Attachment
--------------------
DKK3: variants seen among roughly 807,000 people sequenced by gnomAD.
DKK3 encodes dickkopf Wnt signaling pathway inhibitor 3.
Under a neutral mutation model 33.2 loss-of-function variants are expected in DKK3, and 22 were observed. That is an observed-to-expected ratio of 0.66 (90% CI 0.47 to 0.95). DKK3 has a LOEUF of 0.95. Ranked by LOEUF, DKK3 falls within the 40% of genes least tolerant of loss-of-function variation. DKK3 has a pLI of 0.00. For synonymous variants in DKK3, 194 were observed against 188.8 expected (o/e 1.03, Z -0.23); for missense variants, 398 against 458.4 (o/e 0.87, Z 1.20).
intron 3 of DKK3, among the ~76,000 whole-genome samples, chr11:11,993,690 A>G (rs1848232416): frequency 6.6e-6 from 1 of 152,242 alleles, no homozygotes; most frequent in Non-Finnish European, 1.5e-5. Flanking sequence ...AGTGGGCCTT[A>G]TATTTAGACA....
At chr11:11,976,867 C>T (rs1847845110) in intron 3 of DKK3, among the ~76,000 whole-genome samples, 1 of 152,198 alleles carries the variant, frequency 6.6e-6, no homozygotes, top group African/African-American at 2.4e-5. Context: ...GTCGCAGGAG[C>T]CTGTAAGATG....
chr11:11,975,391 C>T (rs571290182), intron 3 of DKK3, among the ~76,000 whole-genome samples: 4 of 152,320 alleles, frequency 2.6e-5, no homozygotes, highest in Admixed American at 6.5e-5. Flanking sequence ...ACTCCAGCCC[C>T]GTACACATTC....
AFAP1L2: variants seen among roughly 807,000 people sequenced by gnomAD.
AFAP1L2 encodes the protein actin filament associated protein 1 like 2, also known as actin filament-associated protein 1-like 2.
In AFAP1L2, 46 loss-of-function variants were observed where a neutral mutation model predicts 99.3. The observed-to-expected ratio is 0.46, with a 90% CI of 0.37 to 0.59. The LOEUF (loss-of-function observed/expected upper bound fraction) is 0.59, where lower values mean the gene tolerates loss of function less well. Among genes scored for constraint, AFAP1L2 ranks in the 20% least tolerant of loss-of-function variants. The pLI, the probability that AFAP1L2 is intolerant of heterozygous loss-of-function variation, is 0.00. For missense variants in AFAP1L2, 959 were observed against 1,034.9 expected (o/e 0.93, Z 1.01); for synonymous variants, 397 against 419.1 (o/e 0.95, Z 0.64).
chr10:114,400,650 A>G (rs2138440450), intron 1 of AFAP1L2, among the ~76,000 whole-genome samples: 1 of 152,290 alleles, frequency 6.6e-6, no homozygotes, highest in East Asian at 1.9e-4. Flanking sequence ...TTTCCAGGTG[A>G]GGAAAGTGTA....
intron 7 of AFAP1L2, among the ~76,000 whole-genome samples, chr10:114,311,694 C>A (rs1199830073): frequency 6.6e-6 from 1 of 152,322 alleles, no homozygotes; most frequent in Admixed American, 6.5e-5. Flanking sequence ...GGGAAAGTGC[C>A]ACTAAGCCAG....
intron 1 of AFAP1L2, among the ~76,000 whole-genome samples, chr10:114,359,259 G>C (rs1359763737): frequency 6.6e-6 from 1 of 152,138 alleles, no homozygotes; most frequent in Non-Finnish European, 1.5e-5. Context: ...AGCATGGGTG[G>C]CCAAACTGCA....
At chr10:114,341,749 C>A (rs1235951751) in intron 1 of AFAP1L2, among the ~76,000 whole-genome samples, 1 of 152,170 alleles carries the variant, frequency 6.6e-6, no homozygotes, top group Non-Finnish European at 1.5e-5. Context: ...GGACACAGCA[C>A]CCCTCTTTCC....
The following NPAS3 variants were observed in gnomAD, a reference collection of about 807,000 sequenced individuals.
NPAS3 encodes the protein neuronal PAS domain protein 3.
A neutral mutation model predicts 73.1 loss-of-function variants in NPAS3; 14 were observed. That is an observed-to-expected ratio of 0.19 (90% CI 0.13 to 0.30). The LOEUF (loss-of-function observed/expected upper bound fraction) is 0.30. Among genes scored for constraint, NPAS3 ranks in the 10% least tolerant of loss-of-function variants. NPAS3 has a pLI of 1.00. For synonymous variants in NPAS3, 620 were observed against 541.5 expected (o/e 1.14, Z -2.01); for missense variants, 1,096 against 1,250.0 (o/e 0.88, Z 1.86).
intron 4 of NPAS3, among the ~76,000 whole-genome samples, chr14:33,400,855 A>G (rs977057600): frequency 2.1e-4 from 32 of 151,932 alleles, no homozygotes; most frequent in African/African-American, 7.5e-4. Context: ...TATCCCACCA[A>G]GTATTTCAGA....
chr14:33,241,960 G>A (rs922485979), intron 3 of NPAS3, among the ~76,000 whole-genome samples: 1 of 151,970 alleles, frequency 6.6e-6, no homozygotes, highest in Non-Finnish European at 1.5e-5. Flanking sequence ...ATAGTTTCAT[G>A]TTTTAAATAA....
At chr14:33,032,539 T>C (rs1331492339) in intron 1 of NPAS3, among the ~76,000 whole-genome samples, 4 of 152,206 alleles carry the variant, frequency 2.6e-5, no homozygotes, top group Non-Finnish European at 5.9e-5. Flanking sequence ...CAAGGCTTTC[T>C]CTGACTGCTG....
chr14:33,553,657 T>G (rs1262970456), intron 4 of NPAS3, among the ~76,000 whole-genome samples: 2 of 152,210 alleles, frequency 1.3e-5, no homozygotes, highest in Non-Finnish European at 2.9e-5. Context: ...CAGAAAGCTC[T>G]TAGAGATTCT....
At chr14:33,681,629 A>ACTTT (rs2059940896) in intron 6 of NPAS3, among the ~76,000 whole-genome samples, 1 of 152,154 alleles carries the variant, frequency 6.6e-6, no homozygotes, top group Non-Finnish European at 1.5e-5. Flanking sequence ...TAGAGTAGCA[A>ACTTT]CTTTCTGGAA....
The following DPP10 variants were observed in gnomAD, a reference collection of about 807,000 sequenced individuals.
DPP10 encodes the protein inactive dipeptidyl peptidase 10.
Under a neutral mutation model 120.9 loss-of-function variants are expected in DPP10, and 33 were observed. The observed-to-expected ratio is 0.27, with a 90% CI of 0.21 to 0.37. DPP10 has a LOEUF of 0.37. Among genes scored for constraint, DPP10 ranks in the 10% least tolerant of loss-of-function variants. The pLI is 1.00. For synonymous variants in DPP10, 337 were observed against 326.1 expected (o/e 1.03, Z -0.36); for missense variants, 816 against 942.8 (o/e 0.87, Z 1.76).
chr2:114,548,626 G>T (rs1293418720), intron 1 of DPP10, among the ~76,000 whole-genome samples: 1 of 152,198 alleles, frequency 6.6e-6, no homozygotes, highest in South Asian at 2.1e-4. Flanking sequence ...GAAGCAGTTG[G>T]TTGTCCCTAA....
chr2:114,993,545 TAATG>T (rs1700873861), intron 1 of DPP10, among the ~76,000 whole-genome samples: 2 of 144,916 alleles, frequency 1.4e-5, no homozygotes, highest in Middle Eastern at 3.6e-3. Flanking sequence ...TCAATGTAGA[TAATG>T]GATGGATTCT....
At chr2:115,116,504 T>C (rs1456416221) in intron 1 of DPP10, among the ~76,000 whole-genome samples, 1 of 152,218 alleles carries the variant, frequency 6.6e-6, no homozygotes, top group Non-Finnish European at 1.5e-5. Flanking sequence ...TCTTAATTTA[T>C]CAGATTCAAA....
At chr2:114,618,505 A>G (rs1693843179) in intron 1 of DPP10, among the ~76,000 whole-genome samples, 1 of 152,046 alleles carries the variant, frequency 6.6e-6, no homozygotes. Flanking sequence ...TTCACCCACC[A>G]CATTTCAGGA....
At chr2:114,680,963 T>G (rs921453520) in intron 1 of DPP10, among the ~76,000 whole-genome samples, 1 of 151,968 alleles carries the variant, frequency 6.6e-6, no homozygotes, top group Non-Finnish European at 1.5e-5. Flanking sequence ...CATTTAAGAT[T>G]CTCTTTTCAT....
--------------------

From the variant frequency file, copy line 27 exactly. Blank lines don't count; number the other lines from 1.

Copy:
At chr2:115,116,504 T>C (rs1456416221) in intron 1 of DPP10, among the ~76,000 whole-genome samples, 1 of 152,218 alleles carries the variant, frequency 6.6e-6, no homozygotes, top group Non-Finnish European at 1.5e-5. Flanking sequence ...TCTTAATTTA[T>C]CAGATTCAAA....